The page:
A school shooting in San Bernardino Monday ended with two adults and one student dead, confirmed San Bernardino police chief. The shooting took place a short distance away from the location of the 2015 attack.
Police Chief Jarrod Burguan tweeted that the classroom shooting at North Park Elementary School is believed to be a murder-suicide.
“We do believe the threat is down,” Burguan tweeted.
The Associated Press reported that the shooting is believed to be a domestic dispute, involving an estranged couple, one of which was a teacher at the school. The shooter, 53 year-old Cedric Anderson, died of a self-inflicted gunshot after shooting the teacher, 53 year-old Karen Elaine Smith, San Bernardino Police Lt. Michael Madden said in a press conference following the attack.
Two children were struck and airlifted to a local hospital. Jonathan Martinez, 8, died at Loma Linda University Medical Center soon after. The other student is still in critical condition, according to a hospital statement.
The children were not targets, said Burguan.
“This is a tragic incident that has befallen our city,” Madden said.
There were two casualties from today’s shooting unlike the 2015 mass shooting, which killed 14 people and sparked major gun control debates, a long-standing controversial topic among Americans.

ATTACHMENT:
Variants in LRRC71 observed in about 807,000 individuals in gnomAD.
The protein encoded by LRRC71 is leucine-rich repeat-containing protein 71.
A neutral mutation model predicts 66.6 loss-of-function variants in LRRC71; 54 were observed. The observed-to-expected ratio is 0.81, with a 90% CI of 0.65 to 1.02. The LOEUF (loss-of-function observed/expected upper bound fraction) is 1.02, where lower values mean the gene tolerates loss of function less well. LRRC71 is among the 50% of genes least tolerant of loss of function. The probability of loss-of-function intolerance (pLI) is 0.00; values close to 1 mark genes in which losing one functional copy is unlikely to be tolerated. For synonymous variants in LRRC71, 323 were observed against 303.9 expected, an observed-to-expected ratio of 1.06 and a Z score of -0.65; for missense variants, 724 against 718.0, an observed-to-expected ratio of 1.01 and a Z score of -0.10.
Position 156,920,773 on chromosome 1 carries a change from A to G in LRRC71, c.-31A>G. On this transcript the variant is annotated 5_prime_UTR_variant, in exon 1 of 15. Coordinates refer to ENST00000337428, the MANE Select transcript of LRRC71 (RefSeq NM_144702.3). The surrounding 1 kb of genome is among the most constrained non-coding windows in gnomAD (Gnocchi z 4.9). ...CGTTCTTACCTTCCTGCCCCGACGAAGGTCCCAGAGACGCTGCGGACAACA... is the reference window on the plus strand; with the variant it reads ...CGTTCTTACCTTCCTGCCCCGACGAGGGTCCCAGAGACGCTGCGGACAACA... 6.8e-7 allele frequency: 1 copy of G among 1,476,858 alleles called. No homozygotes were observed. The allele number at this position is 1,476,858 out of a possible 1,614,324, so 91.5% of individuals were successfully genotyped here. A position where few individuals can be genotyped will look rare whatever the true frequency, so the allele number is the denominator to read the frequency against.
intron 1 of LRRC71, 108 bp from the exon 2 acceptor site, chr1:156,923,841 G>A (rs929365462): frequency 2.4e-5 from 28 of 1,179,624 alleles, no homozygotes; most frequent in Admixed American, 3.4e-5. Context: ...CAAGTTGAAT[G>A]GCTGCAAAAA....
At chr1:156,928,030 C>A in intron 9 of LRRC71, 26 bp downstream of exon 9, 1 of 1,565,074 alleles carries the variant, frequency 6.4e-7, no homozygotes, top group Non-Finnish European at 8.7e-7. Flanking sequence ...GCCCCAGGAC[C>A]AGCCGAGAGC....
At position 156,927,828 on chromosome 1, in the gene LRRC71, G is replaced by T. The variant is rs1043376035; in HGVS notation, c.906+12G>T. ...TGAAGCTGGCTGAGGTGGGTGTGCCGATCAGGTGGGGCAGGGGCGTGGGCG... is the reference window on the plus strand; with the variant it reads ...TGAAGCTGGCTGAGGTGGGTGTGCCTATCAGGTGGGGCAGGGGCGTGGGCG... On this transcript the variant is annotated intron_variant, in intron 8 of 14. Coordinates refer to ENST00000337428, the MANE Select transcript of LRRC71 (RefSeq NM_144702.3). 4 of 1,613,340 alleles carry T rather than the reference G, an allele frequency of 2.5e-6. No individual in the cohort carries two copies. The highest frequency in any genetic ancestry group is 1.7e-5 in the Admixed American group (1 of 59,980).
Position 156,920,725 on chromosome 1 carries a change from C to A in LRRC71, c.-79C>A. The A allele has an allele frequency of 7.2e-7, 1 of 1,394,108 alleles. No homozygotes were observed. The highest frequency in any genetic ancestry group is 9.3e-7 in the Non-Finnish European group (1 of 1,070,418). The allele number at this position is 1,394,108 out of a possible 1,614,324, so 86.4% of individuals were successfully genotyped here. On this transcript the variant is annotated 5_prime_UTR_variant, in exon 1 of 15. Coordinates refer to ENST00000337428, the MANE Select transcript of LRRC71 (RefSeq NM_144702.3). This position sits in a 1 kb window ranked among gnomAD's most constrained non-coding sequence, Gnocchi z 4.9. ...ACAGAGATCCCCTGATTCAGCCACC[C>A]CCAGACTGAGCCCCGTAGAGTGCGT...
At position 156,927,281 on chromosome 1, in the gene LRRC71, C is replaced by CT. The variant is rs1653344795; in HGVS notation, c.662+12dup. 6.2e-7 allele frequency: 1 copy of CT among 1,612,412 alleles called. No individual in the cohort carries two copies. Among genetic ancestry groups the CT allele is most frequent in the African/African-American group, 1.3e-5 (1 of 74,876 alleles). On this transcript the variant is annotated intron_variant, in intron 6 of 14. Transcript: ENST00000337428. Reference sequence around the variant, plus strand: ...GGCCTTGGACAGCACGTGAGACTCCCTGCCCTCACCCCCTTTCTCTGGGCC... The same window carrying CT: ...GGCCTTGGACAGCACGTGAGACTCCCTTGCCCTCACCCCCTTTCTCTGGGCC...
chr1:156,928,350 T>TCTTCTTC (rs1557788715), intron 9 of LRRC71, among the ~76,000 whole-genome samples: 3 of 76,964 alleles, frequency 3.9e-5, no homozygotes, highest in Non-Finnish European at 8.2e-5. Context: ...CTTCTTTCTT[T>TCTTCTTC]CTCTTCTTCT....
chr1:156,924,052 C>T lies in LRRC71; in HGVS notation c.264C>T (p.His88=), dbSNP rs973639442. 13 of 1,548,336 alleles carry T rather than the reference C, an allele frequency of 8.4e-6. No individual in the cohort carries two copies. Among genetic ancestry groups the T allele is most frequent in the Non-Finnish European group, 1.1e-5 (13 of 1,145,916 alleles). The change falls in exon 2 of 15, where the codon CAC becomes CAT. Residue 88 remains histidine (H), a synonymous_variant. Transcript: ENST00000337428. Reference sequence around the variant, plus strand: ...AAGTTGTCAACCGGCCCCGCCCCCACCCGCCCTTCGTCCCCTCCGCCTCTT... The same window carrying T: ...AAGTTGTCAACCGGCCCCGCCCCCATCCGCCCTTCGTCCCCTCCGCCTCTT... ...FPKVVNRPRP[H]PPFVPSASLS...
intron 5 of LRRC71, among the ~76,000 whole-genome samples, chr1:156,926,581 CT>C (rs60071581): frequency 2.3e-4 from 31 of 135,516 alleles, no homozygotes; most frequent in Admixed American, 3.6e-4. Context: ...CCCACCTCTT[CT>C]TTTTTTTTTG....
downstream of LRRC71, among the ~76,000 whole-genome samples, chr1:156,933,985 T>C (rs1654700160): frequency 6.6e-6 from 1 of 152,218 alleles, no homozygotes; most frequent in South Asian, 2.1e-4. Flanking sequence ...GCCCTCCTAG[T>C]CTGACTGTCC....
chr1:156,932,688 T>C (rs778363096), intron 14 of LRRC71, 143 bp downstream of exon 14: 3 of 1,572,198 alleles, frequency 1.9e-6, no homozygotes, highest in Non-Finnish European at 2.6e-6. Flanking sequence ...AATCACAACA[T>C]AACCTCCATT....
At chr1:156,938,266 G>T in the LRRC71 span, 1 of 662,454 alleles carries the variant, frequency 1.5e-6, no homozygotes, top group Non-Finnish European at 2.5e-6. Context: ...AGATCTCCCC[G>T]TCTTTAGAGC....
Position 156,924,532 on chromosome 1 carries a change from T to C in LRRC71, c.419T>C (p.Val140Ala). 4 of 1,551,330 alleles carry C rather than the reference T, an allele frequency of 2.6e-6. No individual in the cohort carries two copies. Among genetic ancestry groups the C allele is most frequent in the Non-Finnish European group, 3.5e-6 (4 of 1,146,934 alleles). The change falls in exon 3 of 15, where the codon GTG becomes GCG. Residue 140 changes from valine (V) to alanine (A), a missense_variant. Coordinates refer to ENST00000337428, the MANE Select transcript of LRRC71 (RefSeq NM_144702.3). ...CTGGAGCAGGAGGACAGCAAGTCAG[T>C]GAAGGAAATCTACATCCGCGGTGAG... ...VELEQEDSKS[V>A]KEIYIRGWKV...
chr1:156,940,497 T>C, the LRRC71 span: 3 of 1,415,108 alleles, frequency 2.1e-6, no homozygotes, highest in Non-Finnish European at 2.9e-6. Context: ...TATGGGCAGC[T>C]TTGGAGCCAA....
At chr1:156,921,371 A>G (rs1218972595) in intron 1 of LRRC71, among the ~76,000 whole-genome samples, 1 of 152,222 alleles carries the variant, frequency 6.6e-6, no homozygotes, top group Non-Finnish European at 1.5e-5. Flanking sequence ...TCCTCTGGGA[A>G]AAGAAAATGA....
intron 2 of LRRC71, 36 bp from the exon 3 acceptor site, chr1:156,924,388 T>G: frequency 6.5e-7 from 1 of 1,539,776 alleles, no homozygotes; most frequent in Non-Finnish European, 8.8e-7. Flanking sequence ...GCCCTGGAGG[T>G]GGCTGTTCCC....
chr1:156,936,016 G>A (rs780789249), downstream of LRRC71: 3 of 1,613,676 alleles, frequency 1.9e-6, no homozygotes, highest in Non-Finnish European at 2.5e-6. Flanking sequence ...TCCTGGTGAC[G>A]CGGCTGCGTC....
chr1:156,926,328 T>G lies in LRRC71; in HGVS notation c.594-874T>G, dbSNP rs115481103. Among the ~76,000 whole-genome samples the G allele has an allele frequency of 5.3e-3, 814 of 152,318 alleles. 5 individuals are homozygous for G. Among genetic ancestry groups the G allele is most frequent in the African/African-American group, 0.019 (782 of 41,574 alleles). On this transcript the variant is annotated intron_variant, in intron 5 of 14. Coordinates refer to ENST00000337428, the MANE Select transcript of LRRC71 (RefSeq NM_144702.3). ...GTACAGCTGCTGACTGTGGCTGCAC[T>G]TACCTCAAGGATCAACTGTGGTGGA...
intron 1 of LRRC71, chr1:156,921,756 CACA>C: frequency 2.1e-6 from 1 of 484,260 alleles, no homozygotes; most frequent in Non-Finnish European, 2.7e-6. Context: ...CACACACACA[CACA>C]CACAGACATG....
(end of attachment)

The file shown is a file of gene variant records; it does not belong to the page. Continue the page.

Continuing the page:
Stances on firearm regulations vary depending on the president currently holding office. President Donald Trump, who was endorsed by the National Rifle Association in May, reversed a regulation in February that restricted the sale of guns to people with mental illness.
Trump was applauded for respecting the rights of gun owners by the NRA.
“We are pleased that this example of government overreach will no longer be pursued,” said Chris Cox, executive director of the NRA Institute for Legislative Action.
“No single law — no set of laws can eliminate evil from the world, or prevent every senseless act of violence in our society,” President Obama said following the shooting at Sandy Hook Elementary school in 2013. “But that can’t be an excuse for inaction.”
Although pro-gun control activists fought for stricter regulations, they argued Obama’s regulation further stigmatized mental illness.
“A large majority of people with mental disorders will never engage in violence against others,” said the Coalition to Stop Gun Violence on their website.
The now-nullified regulation was Obama’s response to the shooting at Sandy Hook and would have added an estimated 75,000 names to the background check database, according to the Obama administration.
Today’s incident marks the 220th school shooting since the shooting at Sandy Hook in 2013, according to Everytown for Gun Safety.